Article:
Wax

ShiftyRider

Member
I use an old clothes iron and paraffin wax from the grocery store. From a wax standpoint California snow is quite different, elsewhere it's best to use actual ski wax.

Half my friends have never waxed, I guess the ski shop does it.

Where do you stand?
 

Tony Crocker

Administrator
Staff member
Yes, the ski shop (often as not that's Garry Klassen) does it. My daily drivers have the DPS Phantom treatment, which is a permanent substitute for waxing.

I defer to race knowledgeable skiers like Patrick and EMSC, for whom waxing is more important.
 

EMSC

Well-known member
paraffin wax from the grocery store
Probably works just fine for spring type snow. Not a good choice for new snow or cold snow conditions.

I mostly tune my families gear in the basement, though occasionally get tired of that and use a shop maybe once per year.

The phantom base treatment Tony references is very decent. It's not like freshly waxed skis, but more like a couple day old wax job. Probably 80% of the benefits and no more waxing ever.

'Real' waxing is a super weird art form at the level of high end ski racing. Enormous amounts of time and effort put forth by technicians trying to dial it in for very specific conditions each race.

I'm more basic now-a-days. Just use a simple temperature based wax as needed (probably 5-10 days on snow between depending on lots of factors). In Colorado it can be pretty simple as much of the season is simply cold temp wax until at least March. Then have to start playing a bit more with options (at least for racing for my son, for me I just stick to the temp range my very next ski day is going to be).

But like I said, world cuppers and some people are really, really into it and you can go crazy with various techniques and wax blends and etc... trying to achieve perfect wax for a particular day. While it's interesting stuff to know, I don't find those efforts to be worth it for recreational skiing. Tons of work and even waste for tiny gains that only last a very short while.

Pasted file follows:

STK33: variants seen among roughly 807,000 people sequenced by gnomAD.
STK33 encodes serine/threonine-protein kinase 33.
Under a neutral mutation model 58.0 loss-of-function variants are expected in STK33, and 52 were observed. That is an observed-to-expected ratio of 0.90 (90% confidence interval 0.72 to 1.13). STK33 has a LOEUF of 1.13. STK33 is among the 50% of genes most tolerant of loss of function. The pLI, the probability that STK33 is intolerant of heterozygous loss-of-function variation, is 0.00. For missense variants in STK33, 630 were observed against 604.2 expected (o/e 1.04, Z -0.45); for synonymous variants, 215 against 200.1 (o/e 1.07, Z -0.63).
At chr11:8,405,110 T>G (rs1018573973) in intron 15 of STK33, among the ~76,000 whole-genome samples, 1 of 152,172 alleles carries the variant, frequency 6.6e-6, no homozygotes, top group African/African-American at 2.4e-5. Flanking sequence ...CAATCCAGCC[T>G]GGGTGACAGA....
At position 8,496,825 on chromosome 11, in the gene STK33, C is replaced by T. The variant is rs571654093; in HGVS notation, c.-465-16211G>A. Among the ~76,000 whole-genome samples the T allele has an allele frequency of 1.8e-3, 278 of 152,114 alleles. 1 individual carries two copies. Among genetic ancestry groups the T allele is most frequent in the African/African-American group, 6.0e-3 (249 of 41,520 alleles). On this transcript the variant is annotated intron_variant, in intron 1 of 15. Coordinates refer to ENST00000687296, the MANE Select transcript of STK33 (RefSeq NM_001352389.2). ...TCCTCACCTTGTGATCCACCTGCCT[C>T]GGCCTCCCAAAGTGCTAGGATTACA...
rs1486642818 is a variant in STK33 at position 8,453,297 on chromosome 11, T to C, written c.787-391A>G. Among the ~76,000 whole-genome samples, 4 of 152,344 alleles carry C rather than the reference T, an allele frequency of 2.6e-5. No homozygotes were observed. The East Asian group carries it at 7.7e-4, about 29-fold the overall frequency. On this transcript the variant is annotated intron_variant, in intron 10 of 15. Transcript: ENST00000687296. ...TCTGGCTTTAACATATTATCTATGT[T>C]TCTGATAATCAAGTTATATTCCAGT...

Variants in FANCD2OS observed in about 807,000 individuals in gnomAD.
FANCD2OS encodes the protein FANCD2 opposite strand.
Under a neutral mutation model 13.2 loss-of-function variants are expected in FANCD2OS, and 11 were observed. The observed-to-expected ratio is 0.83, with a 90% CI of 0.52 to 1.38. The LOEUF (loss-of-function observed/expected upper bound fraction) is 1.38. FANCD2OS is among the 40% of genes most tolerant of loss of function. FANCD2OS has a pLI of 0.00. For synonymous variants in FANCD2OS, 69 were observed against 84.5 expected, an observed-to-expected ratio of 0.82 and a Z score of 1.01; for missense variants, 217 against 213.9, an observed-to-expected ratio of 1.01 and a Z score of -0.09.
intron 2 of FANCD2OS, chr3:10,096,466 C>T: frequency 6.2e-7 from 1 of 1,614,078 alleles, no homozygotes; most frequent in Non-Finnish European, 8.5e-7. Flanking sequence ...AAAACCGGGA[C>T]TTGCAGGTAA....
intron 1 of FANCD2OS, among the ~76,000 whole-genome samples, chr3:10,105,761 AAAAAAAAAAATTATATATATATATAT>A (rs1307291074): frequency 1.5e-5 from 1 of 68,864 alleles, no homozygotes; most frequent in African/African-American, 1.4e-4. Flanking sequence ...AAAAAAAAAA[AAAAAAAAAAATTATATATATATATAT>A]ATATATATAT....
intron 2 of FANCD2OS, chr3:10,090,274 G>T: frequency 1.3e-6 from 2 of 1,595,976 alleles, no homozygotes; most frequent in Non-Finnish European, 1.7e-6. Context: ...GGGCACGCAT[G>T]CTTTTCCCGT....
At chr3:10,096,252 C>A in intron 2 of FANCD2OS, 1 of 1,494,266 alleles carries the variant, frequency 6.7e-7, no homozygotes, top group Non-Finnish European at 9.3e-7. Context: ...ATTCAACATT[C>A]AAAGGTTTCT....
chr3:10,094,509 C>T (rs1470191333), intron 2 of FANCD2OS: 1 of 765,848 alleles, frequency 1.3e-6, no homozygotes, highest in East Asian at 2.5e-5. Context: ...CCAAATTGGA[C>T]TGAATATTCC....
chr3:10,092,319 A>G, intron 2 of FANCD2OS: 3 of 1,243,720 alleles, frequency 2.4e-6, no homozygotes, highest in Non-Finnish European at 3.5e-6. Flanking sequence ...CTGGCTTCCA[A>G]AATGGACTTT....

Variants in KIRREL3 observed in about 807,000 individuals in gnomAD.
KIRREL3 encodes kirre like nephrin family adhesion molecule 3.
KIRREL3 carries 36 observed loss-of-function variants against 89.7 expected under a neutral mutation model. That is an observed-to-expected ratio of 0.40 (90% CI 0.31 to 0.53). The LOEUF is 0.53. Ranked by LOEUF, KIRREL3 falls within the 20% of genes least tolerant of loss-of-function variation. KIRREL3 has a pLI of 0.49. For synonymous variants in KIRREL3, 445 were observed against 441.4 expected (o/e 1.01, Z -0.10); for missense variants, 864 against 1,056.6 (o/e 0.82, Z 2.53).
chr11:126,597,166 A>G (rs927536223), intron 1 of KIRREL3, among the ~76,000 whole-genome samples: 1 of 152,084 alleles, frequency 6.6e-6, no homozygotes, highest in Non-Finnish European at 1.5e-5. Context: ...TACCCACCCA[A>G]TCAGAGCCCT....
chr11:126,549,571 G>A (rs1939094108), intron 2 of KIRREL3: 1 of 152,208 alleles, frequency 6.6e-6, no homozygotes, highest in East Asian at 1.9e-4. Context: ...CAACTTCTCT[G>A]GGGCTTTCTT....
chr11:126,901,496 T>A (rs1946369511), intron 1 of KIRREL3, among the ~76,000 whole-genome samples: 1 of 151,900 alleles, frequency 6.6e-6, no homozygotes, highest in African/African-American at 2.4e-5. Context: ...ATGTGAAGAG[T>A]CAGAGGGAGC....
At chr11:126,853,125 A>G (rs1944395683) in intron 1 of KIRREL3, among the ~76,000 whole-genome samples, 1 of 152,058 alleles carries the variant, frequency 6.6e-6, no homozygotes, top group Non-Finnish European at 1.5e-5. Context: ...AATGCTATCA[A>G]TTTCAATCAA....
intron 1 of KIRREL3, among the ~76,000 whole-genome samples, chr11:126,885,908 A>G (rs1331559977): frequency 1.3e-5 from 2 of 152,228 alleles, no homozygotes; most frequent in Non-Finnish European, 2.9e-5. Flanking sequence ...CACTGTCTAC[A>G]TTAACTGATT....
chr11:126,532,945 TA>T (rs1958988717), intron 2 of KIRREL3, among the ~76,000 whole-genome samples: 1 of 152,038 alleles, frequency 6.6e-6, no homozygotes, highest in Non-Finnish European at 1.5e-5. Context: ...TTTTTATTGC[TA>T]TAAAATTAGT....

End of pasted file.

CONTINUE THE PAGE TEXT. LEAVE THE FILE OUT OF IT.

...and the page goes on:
ShiftyRider

Member
gear review dps phantom



Another complexity I skip is scraping, I figure the snow will do that quick enough.

2 exceptions...

Powder days you wanna have your best base for the first run so definitely scrape.

Additionally if there's gonna kinda be a "race" for the ideal mid- or upper-mountain lift at opening bell, I humbly recommend you Scotch-brite as a final step.
 

sibhusky

New member
When Race Wax was ending their production of their hydrocarbon waxes, I bought enough to last the rest of my skiing career. I generally do extensive preseason prep with hot scrapes, using softer wax, then a layer of CH3/4 for protective purposes and then slap on the wax of the day week. Then the rest of the season is just wax of the week, either red or green as appropriate. Towards season end I'll make sure my structure is fresh, start adding some fluoro and maybe go to a universal wax, trying to find something that will last through AM refrozen slush and still work on actual slush later. I've occasionally grabbed a second set of skis after lunch. I've really started minding the aspect vs the sun and try hard to gauge when to leave to avoid those early spring grabbies. Once the fresh snow stops falling on slush and it's all turned into corn things improve again.